Jo’s latest e-consultation has found that a majority of local people object to the use of superinjunctions.
Legal gagging orders, or superinjunctions, are obtained at great expense to prevent the media from reporting certain details of the lives of those in the public eye, as well as the fact that the injunction itself exists.
Following recent media scrutiny of superinjunctions, Jo asked East Dunbartonshire residents whether public figures should be able to guard their privacy with costly gagging orders. 77% said no, arguing that the law should not favour the rich, but 23% accepted the use of superinjunctions, saying that privacy is a basic human right.
Commenting, Jo said:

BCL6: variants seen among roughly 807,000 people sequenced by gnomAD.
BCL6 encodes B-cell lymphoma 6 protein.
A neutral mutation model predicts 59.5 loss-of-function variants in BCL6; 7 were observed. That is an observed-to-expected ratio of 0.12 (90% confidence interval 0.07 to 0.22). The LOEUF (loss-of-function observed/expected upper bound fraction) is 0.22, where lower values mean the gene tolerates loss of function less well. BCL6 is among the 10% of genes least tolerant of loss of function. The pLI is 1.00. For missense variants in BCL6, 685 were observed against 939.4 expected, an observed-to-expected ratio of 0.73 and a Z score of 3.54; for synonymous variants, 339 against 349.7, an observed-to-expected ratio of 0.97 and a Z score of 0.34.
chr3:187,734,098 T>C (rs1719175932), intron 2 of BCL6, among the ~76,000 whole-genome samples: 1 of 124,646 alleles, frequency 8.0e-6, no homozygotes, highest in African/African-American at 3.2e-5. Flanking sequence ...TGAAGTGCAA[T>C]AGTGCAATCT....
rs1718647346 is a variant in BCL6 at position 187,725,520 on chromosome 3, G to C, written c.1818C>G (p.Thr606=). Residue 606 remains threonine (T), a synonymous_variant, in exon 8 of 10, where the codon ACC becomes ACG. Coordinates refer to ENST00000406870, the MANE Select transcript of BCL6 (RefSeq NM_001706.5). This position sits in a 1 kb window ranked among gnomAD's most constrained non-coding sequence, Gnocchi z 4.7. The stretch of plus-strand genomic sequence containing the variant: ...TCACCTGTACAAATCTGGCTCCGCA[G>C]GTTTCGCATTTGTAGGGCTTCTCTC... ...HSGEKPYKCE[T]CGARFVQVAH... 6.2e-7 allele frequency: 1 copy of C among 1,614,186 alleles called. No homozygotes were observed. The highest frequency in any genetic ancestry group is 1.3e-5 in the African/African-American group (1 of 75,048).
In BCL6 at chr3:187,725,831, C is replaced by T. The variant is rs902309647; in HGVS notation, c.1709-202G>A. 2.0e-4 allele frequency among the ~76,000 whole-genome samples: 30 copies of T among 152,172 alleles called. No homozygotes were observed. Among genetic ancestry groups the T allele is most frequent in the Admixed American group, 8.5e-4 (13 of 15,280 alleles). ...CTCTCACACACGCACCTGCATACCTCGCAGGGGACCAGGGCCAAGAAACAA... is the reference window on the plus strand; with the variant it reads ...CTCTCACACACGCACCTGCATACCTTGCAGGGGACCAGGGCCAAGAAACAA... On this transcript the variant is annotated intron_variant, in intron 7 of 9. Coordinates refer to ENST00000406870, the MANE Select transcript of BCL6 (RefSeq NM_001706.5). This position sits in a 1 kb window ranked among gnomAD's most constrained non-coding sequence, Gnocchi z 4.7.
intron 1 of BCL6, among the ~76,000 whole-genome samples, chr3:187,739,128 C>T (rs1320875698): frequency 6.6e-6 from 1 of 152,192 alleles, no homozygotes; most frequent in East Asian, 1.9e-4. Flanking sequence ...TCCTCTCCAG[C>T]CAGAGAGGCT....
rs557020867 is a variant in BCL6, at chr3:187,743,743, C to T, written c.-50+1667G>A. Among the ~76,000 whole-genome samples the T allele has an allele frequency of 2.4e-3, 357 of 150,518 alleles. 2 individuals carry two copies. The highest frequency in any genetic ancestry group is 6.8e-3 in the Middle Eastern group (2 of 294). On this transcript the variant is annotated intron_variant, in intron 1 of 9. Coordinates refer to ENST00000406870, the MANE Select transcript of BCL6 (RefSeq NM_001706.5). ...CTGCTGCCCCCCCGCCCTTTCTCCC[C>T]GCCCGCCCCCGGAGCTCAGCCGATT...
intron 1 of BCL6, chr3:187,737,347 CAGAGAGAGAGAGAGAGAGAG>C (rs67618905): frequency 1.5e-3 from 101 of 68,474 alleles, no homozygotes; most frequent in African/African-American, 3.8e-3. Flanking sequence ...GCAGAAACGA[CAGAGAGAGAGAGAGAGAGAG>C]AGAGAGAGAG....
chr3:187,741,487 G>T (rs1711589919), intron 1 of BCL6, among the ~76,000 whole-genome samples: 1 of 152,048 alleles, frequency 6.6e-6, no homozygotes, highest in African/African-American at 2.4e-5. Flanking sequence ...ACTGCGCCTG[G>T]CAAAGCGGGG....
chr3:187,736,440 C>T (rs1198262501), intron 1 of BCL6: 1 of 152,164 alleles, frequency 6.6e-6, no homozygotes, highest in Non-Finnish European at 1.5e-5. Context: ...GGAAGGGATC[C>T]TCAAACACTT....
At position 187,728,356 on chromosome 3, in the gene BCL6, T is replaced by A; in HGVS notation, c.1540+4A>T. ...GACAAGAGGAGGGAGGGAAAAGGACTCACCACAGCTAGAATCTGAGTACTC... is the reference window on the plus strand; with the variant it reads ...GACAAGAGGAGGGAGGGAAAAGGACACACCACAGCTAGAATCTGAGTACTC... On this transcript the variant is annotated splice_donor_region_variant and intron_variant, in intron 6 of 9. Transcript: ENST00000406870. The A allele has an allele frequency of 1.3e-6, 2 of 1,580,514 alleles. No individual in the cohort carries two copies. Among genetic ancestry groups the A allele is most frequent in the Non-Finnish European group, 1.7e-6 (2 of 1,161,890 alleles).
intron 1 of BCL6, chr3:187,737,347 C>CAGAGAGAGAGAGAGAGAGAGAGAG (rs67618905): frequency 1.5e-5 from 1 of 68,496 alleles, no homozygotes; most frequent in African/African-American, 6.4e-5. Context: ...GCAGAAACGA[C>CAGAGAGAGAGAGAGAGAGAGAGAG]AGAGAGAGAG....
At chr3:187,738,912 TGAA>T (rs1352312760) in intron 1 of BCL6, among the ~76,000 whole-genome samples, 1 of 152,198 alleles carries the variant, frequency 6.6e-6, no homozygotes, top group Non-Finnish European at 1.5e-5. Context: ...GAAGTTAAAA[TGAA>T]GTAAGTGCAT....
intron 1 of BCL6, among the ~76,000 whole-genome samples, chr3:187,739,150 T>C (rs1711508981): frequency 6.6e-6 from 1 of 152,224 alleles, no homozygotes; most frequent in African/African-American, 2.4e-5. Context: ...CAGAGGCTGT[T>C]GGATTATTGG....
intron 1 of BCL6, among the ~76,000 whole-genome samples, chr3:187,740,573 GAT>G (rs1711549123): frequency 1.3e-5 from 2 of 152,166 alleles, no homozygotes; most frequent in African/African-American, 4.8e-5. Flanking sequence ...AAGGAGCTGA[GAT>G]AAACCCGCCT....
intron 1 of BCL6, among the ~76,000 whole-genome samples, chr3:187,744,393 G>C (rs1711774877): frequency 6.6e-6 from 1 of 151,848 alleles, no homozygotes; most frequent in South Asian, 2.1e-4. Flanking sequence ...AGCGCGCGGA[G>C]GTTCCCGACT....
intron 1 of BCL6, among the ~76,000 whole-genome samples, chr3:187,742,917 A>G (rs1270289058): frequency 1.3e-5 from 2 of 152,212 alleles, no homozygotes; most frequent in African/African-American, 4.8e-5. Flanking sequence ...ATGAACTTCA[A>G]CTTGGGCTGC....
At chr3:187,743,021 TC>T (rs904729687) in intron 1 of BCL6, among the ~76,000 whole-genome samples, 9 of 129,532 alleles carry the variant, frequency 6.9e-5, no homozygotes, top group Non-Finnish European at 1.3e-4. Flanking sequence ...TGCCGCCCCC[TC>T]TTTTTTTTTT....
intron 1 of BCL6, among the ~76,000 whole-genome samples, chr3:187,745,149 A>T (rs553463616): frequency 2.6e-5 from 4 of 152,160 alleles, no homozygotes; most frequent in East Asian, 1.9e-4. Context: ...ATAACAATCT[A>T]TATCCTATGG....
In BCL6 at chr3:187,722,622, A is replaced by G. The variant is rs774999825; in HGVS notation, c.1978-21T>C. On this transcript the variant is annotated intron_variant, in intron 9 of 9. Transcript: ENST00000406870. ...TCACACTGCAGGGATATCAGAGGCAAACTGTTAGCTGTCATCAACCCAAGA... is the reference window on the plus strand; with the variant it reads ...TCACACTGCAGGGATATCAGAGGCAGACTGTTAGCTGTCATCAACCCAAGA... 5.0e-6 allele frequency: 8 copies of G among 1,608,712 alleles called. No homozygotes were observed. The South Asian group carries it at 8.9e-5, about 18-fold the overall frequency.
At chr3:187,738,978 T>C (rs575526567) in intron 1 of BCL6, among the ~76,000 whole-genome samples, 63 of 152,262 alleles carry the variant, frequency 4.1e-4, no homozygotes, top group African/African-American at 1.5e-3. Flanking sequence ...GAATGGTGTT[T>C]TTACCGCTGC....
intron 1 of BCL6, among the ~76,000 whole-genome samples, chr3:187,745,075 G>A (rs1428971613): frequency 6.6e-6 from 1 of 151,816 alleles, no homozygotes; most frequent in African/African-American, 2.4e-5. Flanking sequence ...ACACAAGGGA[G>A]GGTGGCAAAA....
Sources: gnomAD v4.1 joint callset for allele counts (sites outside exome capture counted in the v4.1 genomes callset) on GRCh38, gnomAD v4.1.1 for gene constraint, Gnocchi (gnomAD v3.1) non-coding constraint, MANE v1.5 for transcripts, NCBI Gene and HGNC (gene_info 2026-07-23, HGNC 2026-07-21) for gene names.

“It was clear that following recent revelations of public figures’ wrongdoings in the press, many people feel strongly about this issue, and a thorough look at the use of high-profile superinjunctions is now necessary.
“Many people commented that superinjunctions are seen as the preserve of the wealthy, but it is vital that the law treats everyone equally. Striking the right balance between justice and privacy is essential, so I am pleased that the Government are establishing a committee to review the use of injunctions and super-injunctions, and will feed the results of this e-consultation into their work.”